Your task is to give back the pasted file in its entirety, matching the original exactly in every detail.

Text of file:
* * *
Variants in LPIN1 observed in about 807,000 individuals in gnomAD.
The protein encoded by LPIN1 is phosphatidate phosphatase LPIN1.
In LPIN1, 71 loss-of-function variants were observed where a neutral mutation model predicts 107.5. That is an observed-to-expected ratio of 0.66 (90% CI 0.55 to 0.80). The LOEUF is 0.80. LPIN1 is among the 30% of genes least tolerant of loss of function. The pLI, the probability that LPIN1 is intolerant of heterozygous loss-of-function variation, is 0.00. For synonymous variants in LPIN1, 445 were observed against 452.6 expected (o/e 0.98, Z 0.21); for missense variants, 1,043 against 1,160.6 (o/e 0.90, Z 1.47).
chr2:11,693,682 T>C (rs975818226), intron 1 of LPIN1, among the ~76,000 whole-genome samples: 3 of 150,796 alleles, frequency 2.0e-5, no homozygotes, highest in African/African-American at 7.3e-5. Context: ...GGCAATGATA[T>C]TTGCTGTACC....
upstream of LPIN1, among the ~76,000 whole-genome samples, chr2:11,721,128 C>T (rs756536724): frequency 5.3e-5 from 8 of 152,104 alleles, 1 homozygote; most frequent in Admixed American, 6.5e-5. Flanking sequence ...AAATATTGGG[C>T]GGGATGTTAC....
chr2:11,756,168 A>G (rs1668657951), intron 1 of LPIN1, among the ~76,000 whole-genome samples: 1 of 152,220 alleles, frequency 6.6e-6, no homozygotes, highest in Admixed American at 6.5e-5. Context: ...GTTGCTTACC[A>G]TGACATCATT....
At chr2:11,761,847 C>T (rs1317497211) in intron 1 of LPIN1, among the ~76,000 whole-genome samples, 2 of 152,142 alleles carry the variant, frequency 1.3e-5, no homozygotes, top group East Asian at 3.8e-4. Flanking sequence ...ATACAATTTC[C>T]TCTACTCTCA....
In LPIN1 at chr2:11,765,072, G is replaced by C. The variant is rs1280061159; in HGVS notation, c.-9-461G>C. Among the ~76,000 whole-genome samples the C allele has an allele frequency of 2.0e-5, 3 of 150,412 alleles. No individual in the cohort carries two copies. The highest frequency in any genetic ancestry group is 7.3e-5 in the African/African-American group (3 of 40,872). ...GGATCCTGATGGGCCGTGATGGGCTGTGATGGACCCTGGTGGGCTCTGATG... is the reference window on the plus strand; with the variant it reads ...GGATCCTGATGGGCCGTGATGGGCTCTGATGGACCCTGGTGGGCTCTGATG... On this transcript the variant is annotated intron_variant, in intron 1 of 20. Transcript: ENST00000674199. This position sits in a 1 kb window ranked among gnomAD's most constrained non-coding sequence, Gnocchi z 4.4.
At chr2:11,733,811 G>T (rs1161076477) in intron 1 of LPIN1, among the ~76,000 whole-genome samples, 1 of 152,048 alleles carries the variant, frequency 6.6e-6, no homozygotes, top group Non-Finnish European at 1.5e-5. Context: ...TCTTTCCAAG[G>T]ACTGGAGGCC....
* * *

Variants in LPIN1 observed in about 807,000 individuals in gnomAD.
The protein encoded by LPIN1 is phosphatidate phosphatase LPIN1.
In LPIN1, 71 loss-of-function variants were observed where a neutral mutation model predicts 107.5. That is an observed-to-expected ratio of 0.66 (90% CI 0.55 to 0.80). The LOEUF is 0.80. LPIN1 is among the 30% of genes least tolerant of loss of function. The pLI, the probability that LPIN1 is intolerant of heterozygous loss-of-function variation, is 0.00. For synonymous variants in LPIN1, 445 were observed against 452.6 expected (o/e 0.98, Z 0.21); for missense variants, 1,043 against 1,160.6 (o/e 0.90, Z 1.47).
chr2:11,693,682 T>C (rs975818226), intron 1 of LPIN1, among the ~76,000 whole-genome samples: 3 of 150,796 alleles, frequency 2.0e-5, no homozygotes, highest in African/African-American at 7.3e-5. Context: ...GGCAATGATA[T>C]TTGCTGTACC....
upstream of LPIN1, among the ~76,000 whole-genome samples, chr2:11,721,128 C>T (rs756536724): frequency 5.3e-5 from 8 of 152,104 alleles, 1 homozygote; most frequent in Admixed American, 6.5e-5. Flanking sequence ...AAATATTGGG[C>T]GGGATGTTAC....
chr2:11,756,168 A>G (rs1668657951), intron 1 of LPIN1, among the ~76,000 whole-genome samples: 1 of 152,220 alleles, frequency 6.6e-6, no homozygotes, highest in Admixed American at 6.5e-5. Context: ...GTTGCTTACC[A>G]TGACATCATT....
At chr2:11,761,847 C>T (rs1317497211) in intron 1 of LPIN1, among the ~76,000 whole-genome samples, 2 of 152,142 alleles carry the variant, frequency 1.3e-5, no homozygotes, top group East Asian at 3.8e-4. Flanking sequence ...ATACAATTTC[C>T]TCTACTCTCA....
In LPIN1 at chr2:11,765,072, G is replaced by C. The variant is rs1280061159; in HGVS notation, c.-9-461G>C. Among the ~76,000 whole-genome samples the C allele has an allele frequency of 2.0e-5, 3 of 150,412 alleles. No individual in the cohort carries two copies. The highest frequency in any genetic ancestry group is 7.3e-5 in the African/African-American group (3 of 40,872). ...GGATCCTGATGGGCCGTGATGGGCTGTGATGGACCCTGGTGGGCTCTGATG... is the reference window on the plus strand; with the variant it reads ...GGATCCTGATGGGCCGTGATGGGCTCTGATGGACCCTGGTGGGCTCTGATG... On this transcript the variant is annotated intron_variant, in intron 1 of 20. Transcript: ENST00000674199. This position sits in a 1 kb window ranked among gnomAD's most constrained non-coding sequence, Gnocchi z 4.4.
At chr2:11,733,811 G>T (rs1161076477) in intron 1 of LPIN1, among the ~76,000 whole-genome samples, 1 of 152,048 alleles carries the variant, frequency 6.6e-6, no homozygotes, top group Non-Finnish European at 1.5e-5. Context: ...TCTTTCCAAG[G>T]ACTGGAGGCC....